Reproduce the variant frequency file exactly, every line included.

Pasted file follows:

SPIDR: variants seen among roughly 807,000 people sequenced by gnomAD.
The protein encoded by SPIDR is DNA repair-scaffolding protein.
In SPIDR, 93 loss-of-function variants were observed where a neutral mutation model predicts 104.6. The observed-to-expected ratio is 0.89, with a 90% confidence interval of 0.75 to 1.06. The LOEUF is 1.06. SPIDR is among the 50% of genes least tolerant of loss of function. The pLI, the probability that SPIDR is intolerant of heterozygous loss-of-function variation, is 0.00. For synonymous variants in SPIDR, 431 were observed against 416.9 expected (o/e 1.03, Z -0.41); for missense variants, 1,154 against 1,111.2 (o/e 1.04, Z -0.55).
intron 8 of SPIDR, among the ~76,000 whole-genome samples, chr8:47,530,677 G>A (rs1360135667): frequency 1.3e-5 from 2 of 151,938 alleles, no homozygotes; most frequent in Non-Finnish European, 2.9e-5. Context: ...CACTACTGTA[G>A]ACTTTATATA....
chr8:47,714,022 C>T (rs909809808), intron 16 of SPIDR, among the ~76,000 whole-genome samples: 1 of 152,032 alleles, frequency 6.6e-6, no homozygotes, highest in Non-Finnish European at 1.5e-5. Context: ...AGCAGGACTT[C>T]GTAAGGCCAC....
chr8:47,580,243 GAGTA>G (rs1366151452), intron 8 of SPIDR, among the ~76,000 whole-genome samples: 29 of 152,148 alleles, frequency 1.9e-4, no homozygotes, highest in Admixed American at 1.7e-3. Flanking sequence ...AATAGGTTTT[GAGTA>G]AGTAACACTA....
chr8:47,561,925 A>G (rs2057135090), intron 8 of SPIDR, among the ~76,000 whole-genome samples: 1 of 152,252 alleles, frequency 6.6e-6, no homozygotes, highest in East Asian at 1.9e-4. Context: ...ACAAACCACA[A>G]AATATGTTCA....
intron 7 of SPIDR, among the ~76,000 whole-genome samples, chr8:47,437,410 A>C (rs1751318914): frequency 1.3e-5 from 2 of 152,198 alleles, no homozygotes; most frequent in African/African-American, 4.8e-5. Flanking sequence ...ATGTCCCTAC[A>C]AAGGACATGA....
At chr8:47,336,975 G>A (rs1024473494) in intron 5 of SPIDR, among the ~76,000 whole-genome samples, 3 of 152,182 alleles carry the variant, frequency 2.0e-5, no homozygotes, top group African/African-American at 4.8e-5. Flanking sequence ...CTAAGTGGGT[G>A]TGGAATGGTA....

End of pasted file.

SPIDR: variants seen among roughly 807,000 people sequenced by gnomAD.
The protein encoded by SPIDR is DNA repair-scaffolding protein.
In SPIDR, 93 loss-of-function variants were observed where a neutral mutation model predicts 104.6. The observed-to-expected ratio is 0.89, with a 90% confidence interval of 0.75 to 1.06. The LOEUF is 1.06. SPIDR is among the 50% of genes least tolerant of loss of function. The pLI, the probability that SPIDR is intolerant of heterozygous loss-of-function variation, is 0.00. For synonymous variants in SPIDR, 431 were observed against 416.9 expected (o/e 1.03, Z -0.41); for missense variants, 1,154 against 1,111.2 (o/e 1.04, Z -0.55).
intron 8 of SPIDR, among the ~76,000 whole-genome samples, chr8:47,530,677 G>A (rs1360135667): frequency 1.3e-5 from 2 of 151,938 alleles, no homozygotes; most frequent in Non-Finnish European, 2.9e-5. Context: ...CACTACTGTA[G>A]ACTTTATATA....
chr8:47,714,022 C>T (rs909809808), intron 16 of SPIDR, among the ~76,000 whole-genome samples: 1 of 152,032 alleles, frequency 6.6e-6, no homozygotes, highest in Non-Finnish European at 1.5e-5. Context: ...AGCAGGACTT[C>T]GTAAGGCCAC....
chr8:47,580,243 GAGTA>G (rs1366151452), intron 8 of SPIDR, among the ~76,000 whole-genome samples: 29 of 152,148 alleles, frequency 1.9e-4, no homozygotes, highest in Admixed American at 1.7e-3. Flanking sequence ...AATAGGTTTT[GAGTA>G]AGTAACACTA....
chr8:47,561,925 A>G (rs2057135090), intron 8 of SPIDR, among the ~76,000 whole-genome samples: 1 of 152,252 alleles, frequency 6.6e-6, no homozygotes, highest in East Asian at 1.9e-4. Context: ...ACAAACCACA[A>G]AATATGTTCA....
intron 7 of SPIDR, among the ~76,000 whole-genome samples, chr8:47,437,410 A>C (rs1751318914): frequency 1.3e-5 from 2 of 152,198 alleles, no homozygotes; most frequent in African/African-American, 4.8e-5. Flanking sequence ...ATGTCCCTAC[A>C]AAGGACATGA....
At chr8:47,336,975 G>A (rs1024473494) in intron 5 of SPIDR, among the ~76,000 whole-genome samples, 3 of 152,182 alleles carry the variant, frequency 2.0e-5, no homozygotes, top group African/African-American at 4.8e-5. Flanking sequence ...CTAAGTGGGT[G>A]TGGAATGGTA....